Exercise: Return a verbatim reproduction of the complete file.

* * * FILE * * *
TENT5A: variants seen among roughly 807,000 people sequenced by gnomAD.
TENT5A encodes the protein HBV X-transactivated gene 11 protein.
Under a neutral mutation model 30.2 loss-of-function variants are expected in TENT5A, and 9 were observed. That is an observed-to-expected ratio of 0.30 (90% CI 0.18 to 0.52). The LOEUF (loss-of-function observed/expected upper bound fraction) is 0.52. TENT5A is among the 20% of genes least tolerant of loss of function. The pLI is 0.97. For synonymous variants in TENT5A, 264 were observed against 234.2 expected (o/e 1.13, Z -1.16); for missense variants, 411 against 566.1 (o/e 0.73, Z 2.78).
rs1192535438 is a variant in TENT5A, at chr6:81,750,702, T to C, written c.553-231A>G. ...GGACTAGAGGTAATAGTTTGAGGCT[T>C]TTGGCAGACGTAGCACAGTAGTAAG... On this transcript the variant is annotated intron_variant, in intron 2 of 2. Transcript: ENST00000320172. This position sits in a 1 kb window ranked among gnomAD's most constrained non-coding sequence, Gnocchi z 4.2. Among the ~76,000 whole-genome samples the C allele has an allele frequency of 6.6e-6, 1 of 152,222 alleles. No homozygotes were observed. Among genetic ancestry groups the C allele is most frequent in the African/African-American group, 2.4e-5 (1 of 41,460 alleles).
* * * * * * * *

TENT5A: variants seen among roughly 807,000 people sequenced by gnomAD.
TENT5A encodes the protein HBV X-transactivated gene 11 protein.
Under a neutral mutation model 30.2 loss-of-function variants are expected in TENT5A, and 9 were observed. That is an observed-to-expected ratio of 0.30 (90% CI 0.18 to 0.52). The LOEUF (loss-of-function observed/expected upper bound fraction) is 0.52. TENT5A is among the 20% of genes least tolerant of loss of function. The pLI is 0.97. For synonymous variants in TENT5A, 264 were observed against 234.2 expected (o/e 1.13, Z -1.16); for missense variants, 411 against 566.1 (o/e 0.73, Z 2.78).
rs1192535438 is a variant in TENT5A, at chr6:81,750,702, T to C, written c.553-231A>G. ...GGACTAGAGGTAATAGTTTGAGGCT[T>C]TTGGCAGACGTAGCACAGTAGTAAG... On this transcript the variant is annotated intron_variant, in intron 2 of 2. Transcript: ENST00000320172. This position sits in a 1 kb window ranked among gnomAD's most constrained non-coding sequence, Gnocchi z 4.2. Among the ~76,000 whole-genome samples the C allele has an allele frequency of 6.6e-6, 1 of 152,222 alleles. No homozygotes were observed. Among genetic ancestry groups the C allele is most frequent in the African/African-American group, 2.4e-5 (1 of 41,460 alleles).